DPRK taxi data

An article in Yonhap (sourced by Xinhua) offers some interesting data on taxis in Pyongyang. Here are some select quotes:

But in Pyongyang, capital of the Democratic People’s Republic of Korea (DPRK), a strict odd-even ban has been imposed on most taxis since April.

The rule is simple: taxis with an odd end number on license plates are allowed to travel on odd-numbered days only and those with an even end number are able to drive on even-numbered days.

The reason for introducing the license plate restriction for taxis remains unknown.

The odd-even rationing policy, however, is not applicable for all cabs, taxi drivers told Xinhua.

About 150 taxis operated by Air Koryo, the national flag carrier and the country’s only airline, are not subject to this regulation.

“We are the only taxi firm not asked to follow the ban,” said a cab driver under Air Koryo who gave his surname as Kim. “This is thanks to the special care given by our respectable marshal.”

And how may taxis are there?

Official figures showed more than 1,500 taxis had been running in the capital city by the end of 2013.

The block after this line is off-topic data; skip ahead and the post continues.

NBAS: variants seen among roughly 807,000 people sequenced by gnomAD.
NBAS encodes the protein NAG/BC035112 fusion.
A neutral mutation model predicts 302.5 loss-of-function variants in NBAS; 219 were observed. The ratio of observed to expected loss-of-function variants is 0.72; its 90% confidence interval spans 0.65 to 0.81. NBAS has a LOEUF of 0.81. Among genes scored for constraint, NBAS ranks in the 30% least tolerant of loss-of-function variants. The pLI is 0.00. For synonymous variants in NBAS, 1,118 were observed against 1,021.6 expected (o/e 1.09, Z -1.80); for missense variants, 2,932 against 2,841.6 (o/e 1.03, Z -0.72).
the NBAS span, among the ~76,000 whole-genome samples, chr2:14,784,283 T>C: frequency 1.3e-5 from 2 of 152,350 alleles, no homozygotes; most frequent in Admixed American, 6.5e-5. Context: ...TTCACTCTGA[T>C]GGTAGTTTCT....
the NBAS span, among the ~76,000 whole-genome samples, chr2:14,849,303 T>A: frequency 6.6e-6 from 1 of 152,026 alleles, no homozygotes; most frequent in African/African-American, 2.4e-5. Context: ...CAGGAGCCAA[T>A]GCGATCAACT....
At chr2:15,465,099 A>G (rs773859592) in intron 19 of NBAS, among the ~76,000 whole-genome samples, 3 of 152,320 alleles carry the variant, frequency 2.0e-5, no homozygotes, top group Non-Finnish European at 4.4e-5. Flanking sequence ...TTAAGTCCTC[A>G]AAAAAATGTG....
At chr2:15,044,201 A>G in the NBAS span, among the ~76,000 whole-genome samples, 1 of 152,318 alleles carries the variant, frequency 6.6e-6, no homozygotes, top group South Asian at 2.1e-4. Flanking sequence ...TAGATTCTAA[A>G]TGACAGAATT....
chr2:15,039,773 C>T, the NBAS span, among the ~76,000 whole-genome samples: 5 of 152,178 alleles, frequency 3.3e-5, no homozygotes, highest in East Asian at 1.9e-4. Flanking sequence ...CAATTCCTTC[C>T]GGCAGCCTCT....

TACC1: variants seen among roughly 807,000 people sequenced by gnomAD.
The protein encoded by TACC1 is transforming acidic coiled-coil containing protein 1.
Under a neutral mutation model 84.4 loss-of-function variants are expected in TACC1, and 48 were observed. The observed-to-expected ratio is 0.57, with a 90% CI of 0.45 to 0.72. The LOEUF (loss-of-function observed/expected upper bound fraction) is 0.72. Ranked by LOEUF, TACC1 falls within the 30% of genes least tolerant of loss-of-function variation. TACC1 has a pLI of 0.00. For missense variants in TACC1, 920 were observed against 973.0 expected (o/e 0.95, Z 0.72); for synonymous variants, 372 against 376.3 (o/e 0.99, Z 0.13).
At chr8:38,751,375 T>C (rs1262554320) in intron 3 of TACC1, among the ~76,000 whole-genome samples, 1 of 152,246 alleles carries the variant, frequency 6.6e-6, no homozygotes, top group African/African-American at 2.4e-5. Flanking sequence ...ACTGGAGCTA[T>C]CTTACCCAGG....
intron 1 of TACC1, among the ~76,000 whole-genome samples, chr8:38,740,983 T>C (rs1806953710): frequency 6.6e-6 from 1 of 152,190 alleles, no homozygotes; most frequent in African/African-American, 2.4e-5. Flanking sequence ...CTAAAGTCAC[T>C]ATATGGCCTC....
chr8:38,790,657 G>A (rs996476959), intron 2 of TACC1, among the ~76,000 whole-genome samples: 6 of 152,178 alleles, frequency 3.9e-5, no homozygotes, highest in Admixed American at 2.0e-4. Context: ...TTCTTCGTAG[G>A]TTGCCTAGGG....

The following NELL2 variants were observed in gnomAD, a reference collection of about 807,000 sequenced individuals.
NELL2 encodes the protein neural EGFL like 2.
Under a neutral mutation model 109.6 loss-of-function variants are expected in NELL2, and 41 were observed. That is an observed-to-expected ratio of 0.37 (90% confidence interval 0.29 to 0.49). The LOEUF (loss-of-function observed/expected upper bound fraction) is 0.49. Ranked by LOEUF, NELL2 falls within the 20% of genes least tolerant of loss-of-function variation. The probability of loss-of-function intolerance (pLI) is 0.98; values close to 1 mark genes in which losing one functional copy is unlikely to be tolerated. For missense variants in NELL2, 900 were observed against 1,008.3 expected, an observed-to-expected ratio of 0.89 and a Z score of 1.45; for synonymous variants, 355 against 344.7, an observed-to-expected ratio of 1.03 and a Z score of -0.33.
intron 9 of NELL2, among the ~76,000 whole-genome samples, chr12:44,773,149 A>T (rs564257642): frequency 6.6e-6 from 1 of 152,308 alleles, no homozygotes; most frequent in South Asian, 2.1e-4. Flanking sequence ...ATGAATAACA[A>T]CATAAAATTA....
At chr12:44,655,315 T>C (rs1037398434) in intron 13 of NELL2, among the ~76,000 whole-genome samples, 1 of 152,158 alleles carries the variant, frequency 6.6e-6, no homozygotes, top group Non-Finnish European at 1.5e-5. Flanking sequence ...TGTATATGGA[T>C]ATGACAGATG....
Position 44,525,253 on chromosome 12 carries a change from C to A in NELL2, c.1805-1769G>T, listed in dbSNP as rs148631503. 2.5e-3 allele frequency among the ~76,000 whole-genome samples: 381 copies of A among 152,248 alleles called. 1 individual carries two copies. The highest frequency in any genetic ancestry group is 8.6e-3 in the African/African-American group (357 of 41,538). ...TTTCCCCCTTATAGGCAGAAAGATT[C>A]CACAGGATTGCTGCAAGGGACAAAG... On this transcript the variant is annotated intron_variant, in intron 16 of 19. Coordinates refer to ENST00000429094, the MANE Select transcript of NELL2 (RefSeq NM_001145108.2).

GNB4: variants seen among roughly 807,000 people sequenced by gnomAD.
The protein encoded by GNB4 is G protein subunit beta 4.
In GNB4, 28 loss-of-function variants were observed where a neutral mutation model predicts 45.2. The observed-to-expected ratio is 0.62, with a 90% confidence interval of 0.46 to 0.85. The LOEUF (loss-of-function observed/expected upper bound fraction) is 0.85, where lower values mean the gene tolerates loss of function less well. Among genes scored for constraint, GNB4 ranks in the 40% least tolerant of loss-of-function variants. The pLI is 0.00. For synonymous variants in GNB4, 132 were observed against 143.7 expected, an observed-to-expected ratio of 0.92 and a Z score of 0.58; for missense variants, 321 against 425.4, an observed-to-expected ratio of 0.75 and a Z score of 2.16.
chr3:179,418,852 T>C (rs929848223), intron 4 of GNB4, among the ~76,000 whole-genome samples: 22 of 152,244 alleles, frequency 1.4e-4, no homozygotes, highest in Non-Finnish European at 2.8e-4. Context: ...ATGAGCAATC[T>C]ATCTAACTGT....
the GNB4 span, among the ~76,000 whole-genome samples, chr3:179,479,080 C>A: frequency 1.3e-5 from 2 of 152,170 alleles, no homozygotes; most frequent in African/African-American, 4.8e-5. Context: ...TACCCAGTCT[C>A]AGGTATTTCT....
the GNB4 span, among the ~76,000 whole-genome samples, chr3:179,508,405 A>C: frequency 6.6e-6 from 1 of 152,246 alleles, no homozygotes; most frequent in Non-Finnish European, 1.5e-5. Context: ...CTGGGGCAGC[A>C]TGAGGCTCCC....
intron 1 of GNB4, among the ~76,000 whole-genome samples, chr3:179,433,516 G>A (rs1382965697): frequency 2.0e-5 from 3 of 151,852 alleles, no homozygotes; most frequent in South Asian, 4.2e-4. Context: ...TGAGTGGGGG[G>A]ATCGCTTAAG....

Who makes the taxis?

Now a vast majority of the taxi cabs are BYD (a Chinese automaker) automobiles with the name of taxi firms printed on both sides of the cars. Atop the car body is fixed a board that reads “TAXI” in both Korean and English.

What are the rates?

Jumping into the cab and traveling within two km costs two U.S. dollars. For each kilometer you travel beyond that distance, 0.56 dollars get added to the fare. U.S. dollars, euros, renminbi and even DPRK wons are all accepted.

Taximeters are not fitted in most cars; even there is a taximeter on the front, the driver tends not to activate the machine unless you insist. It seems customary to negotiate with the driver about the fare, and also there are certain fares for several fixed routes.

With an extra fee of two or three dollars, you can book a taxi cab in advance by dialing drivers’ personal phone numbers. But foreign visitors have no access to the service at the moment because SIM cards sold to foreigners can not connect to natives’ mobile phones.

Read the full story here:
Feature: Pyongyang imposes odd-even ban on most taxis
Yonhap
2014-12-4

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